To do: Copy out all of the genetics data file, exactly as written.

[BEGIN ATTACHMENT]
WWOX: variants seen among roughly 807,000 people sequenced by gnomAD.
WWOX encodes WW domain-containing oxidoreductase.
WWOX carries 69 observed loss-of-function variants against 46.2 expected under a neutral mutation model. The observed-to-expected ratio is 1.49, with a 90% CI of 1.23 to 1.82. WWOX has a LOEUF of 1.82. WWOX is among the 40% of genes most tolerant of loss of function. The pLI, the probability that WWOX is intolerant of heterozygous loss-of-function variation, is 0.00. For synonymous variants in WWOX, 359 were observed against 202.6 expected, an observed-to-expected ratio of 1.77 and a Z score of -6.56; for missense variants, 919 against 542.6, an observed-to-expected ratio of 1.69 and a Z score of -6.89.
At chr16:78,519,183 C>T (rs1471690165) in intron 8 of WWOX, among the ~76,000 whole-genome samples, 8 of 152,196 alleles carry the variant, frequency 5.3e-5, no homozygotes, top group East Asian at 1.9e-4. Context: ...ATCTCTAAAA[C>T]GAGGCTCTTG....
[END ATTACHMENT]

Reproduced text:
WWOX: variants seen among roughly 807,000 people sequenced by gnomAD.
WWOX encodes WW domain-containing oxidoreductase.
WWOX carries 69 observed loss-of-function variants against 46.2 expected under a neutral mutation model. The observed-to-expected ratio is 1.49, with a 90% CI of 1.23 to 1.82. WWOX has a LOEUF of 1.82. WWOX is among the 40% of genes most tolerant of loss of function. The pLI, the probability that WWOX is intolerant of heterozygous loss-of-function variation, is 0.00. For synonymous variants in WWOX, 359 were observed against 202.6 expected, an observed-to-expected ratio of 1.77 and a Z score of -6.56; for missense variants, 919 against 542.6, an observed-to-expected ratio of 1.69 and a Z score of -6.89.
At chr16:78,519,183 C>T (rs1471690165) in intron 8 of WWOX, among the ~76,000 whole-genome samples, 8 of 152,196 alleles carry the variant, frequency 5.3e-5, no homozygotes, top group East Asian at 1.9e-4. Context: ...ATCTCTAAAA[C>T]GAGGCTCTTG....